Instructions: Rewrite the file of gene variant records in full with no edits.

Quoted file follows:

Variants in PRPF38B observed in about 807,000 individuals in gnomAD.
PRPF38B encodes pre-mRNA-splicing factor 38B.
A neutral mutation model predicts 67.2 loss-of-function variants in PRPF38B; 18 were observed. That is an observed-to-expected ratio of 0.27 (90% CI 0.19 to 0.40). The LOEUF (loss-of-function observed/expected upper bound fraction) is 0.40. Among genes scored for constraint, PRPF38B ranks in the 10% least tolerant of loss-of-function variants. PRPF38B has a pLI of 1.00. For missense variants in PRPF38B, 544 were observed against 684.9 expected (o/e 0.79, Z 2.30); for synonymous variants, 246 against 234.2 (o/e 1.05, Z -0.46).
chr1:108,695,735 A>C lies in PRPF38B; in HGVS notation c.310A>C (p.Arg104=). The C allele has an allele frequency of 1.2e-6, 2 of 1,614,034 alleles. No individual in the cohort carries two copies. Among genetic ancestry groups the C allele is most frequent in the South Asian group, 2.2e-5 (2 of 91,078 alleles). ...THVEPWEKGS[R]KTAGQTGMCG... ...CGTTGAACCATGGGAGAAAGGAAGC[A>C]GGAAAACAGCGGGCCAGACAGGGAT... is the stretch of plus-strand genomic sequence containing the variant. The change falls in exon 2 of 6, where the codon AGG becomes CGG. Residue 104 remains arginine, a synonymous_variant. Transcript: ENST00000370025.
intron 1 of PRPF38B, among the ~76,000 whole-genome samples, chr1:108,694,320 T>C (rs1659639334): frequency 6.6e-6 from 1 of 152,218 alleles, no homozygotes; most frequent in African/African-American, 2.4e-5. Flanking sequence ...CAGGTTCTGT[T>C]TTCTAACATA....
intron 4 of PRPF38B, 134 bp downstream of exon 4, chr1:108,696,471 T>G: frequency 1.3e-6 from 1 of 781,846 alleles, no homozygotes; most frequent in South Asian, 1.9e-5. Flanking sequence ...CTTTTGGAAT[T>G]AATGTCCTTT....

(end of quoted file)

Variants in PRPF38B observed in about 807,000 individuals in gnomAD.
PRPF38B encodes pre-mRNA-splicing factor 38B.
A neutral mutation model predicts 67.2 loss-of-function variants in PRPF38B; 18 were observed. That is an observed-to-expected ratio of 0.27 (90% CI 0.19 to 0.40). The LOEUF (loss-of-function observed/expected upper bound fraction) is 0.40. Among genes scored for constraint, PRPF38B ranks in the 10% least tolerant of loss-of-function variants. PRPF38B has a pLI of 1.00. For missense variants in PRPF38B, 544 were observed against 684.9 expected (o/e 0.79, Z 2.30); for synonymous variants, 246 against 234.2 (o/e 1.05, Z -0.46).
chr1:108,695,735 A>C lies in PRPF38B; in HGVS notation c.310A>C (p.Arg104=). The C allele has an allele frequency of 1.2e-6, 2 of 1,614,034 alleles. No individual in the cohort carries two copies. Among genetic ancestry groups the C allele is most frequent in the South Asian group, 2.2e-5 (2 of 91,078 alleles). ...THVEPWEKGS[R]KTAGQTGMCG... ...CGTTGAACCATGGGAGAAAGGAAGC[A>C]GGAAAACAGCGGGCCAGACAGGGAT... is the stretch of plus-strand genomic sequence containing the variant. The change falls in exon 2 of 6, where the codon AGG becomes CGG. Residue 104 remains arginine, a synonymous_variant. Transcript: ENST00000370025.
intron 1 of PRPF38B, among the ~76,000 whole-genome samples, chr1:108,694,320 T>C (rs1659639334): frequency 6.6e-6 from 1 of 152,218 alleles, no homozygotes; most frequent in African/African-American, 2.4e-5. Flanking sequence ...CAGGTTCTGT[T>C]TTCTAACATA....
intron 4 of PRPF38B, 134 bp downstream of exon 4, chr1:108,696,471 T>G: frequency 1.3e-6 from 1 of 781,846 alleles, no homozygotes; most frequent in South Asian, 1.9e-5. Flanking sequence ...CTTTTGGAAT[T>G]AATGTCCTTT....